Monday, June 29, 2009

City of Atlanta Parks and examining the role of Conservancies and City Responsbilities

Piedmont Park conservancy group pays off

While well-written and informative from a historical perspective, this article barely hints at the challenges that smaller conservancy and sports organizations face when dealing with the city itself; scratching the surface on the implications of universal use of the Conservancy model in a given municipal environment.

The model of a non-profit conservancy is ubiquitous. Thereby the model holds a large degree of credibility. Simply because a given model is prevalent, does not necessarily imply that it is without serious drawbacks.

City parks are an amenity to any city. The original management model of public parks was that city tax dollars and staffing support the maintenance, improvement, and operation of the parks within the municipality's domain. However, when budget cut backs are needed, the funding of the parks is usually the first in line to have their budget reduced. Over time, cutbacks degrade parks, thus creating an environment suitable for the creation of Conservancies by grassroots organizing citizens form together to raise funds to repair otherwise untended and deteriorating parks.

The Conservancy model has gained widespread popularity, with even small neighborhood parks taking over the city's management responsibilities. The benefits of the conservancy model are fairly obvious. The leading benefit is that an organization dedicated to the mission of a given park's restoration, expansion, and operation can better pursue execute it's projects since they will have the latitude and focus to direct their budgets with a large degree of autonomy, once a master plan is established.

Within the Conservancy model, there is a spectrum of specificity of the model's application. You have sports teams appropriating fields from a park such as Frankie Allan's baseball (BYO) facility on Pharr Road, improving the fields, and leaving the remainder of the park literally to rack and ruin. You have well run groups, such as Grant Park, that have generated enormous visible improvements to a park, with very little actual money raised to accomplish the goal. You have other groups that leverage revenue generating facilities within a park charging park users for various access and park activities, such as Piedmont Park. What is consistently true among these applications is that Conservancy activities relieve the City of cost and responsibility. The ongoing existential problem is that the City, as the erstwhile trustee of these public assets, generally does a poor job of interacting with 3rd parties who have been delegated the City's own responsibilities.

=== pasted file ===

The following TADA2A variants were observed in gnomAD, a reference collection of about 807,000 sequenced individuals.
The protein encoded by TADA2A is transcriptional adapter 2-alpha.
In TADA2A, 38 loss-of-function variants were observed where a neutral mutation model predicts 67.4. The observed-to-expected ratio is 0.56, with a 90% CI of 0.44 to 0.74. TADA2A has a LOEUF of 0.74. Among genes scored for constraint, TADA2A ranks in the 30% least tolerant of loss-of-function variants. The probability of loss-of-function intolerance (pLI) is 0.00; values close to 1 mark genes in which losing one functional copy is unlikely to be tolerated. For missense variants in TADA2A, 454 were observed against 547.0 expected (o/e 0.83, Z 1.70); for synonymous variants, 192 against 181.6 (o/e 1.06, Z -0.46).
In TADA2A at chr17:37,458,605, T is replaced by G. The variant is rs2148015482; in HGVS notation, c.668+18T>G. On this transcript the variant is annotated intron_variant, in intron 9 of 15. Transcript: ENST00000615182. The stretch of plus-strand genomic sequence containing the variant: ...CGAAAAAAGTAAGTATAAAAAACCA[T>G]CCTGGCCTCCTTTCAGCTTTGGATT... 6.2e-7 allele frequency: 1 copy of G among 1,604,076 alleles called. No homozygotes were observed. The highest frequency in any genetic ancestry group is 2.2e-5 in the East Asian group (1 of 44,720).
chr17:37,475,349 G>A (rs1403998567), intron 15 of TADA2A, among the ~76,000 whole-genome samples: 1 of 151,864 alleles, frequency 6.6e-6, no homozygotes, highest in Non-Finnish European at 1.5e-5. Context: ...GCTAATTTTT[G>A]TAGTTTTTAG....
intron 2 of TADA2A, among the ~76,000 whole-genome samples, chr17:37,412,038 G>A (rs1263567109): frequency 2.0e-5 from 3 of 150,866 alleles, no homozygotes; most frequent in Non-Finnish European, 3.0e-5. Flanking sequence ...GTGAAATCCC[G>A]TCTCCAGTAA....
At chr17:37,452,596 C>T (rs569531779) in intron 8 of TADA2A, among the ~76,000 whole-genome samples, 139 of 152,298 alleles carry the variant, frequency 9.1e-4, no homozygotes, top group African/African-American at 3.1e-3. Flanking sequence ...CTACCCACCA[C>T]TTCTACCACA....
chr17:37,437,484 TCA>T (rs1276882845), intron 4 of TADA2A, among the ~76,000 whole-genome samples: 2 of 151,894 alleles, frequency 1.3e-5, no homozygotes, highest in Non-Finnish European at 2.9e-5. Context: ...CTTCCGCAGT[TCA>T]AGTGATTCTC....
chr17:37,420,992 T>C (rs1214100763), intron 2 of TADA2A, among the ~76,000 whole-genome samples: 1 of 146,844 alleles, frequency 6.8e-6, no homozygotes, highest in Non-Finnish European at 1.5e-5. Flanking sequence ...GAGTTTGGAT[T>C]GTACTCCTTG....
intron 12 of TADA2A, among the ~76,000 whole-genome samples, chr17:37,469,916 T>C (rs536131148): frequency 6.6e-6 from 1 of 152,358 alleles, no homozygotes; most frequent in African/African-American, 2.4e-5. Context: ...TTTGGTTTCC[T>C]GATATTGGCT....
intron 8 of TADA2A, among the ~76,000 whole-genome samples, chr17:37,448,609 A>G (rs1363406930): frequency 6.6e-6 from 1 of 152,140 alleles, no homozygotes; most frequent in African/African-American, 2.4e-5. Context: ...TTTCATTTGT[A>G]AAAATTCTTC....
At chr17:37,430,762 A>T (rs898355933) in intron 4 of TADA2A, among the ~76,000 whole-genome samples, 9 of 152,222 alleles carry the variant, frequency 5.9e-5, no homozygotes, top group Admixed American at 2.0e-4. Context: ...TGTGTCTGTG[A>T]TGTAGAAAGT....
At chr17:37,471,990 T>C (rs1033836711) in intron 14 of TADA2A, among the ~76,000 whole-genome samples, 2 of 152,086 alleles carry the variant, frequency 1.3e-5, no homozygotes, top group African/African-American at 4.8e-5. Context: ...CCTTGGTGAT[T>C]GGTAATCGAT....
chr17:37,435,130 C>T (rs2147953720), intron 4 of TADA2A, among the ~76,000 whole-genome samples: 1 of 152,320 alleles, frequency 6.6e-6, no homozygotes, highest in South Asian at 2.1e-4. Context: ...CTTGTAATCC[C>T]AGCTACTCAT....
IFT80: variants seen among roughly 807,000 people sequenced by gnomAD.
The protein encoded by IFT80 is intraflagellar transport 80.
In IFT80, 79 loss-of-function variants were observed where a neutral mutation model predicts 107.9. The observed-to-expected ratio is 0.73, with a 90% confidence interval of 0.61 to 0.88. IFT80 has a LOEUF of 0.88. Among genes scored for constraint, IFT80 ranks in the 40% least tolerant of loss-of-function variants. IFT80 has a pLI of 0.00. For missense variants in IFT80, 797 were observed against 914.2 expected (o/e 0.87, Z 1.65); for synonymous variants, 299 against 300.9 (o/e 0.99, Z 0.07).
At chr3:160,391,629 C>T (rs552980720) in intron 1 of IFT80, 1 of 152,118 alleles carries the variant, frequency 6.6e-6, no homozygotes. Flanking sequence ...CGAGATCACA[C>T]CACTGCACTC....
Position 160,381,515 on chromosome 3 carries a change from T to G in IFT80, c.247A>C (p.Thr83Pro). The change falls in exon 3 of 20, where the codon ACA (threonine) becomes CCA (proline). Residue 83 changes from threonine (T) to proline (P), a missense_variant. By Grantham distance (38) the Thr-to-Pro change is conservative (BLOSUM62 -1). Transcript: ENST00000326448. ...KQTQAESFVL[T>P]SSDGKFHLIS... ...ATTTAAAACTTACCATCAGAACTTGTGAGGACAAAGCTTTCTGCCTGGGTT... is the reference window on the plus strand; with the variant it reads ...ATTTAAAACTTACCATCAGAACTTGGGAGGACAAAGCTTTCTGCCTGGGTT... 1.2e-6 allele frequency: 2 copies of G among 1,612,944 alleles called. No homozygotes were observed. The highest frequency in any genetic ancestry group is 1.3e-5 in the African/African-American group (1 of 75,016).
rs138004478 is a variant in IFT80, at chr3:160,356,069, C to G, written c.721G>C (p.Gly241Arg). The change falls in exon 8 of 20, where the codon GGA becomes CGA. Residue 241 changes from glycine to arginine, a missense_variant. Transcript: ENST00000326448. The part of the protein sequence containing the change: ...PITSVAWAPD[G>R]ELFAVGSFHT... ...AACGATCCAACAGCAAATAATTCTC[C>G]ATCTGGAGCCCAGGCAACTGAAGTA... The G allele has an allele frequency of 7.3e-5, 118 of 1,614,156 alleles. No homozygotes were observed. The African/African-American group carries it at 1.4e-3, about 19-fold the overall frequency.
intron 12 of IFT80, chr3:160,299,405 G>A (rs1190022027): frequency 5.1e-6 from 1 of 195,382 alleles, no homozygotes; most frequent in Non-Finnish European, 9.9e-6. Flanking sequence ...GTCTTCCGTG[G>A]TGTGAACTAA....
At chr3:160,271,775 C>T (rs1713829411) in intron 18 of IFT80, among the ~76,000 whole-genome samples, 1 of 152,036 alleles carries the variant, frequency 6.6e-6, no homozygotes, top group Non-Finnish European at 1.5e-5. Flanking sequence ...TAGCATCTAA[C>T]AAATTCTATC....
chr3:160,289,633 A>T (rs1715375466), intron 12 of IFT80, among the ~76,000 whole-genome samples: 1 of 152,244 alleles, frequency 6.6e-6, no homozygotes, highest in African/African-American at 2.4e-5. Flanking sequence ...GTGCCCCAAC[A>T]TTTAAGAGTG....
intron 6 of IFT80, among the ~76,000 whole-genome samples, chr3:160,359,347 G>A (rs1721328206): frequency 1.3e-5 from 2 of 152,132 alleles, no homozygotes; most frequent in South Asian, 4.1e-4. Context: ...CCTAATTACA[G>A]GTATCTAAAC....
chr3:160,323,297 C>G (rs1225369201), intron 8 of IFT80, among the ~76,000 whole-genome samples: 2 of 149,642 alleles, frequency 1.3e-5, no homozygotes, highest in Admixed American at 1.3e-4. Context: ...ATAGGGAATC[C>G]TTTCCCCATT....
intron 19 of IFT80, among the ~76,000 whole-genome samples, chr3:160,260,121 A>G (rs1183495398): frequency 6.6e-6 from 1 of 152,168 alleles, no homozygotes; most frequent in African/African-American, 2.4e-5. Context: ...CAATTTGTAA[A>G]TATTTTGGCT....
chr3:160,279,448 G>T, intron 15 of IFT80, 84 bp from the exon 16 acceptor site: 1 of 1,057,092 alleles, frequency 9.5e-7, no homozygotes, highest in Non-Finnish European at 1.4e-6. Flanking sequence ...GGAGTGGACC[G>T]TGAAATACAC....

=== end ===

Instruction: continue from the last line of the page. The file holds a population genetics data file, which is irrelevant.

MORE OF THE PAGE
The parks administration regularly displays sudden changes of mood and attitude when interpreting MOU's with Conservancy's. I have personally witnessed the City's capricious disregard for fairness time and again. There are several examples. Grant Park must rent it's own Pavilions from the City, though they use these properties for a park raise funding event. Bitsy Grant must rent it's own bathrooms for the gala fundraiser, as well as pay the city staff, instead of allowing volunteer docents to staff the event. Bitsy Grant, after investing $2m for new courts which more than exceed the water usage regulation codes, could not use water on the brand new clay courts since they are lumped in with all the other courts that have not been improved. To prevent the $2m investment from literally drying up and blowing away in a dust cloud, Friends of Bitsy had to raise another $25,000 to install well equipment to water the courts, never mind what impacts widespread use of wells in an urban environment may have on ground water. This past January, rugby teams were kicked off fields en masse, while paying tens of thousands of dollars per year in field rentals, being labeled as field destroyers, when unscheduled field users actually destroyed the fields, leaving them as the only ones to be reached when blame must be assigned, since they were the only ones paying rent on the fields. The Parks Department was given ongoing photographic documentation of the usage by the rugby teams, but this information was not taken into account when the four teams were expelled.

Suffice it to say, unless you are the 800lb gorilla, your organization will face inconsistency and adversity in your interactions with the City. I can only conclude that until an organization achieves a financial stature that elicits respectful and consistent treatment, they will continue to have to struggle to assert the tenets of an MOU with the City.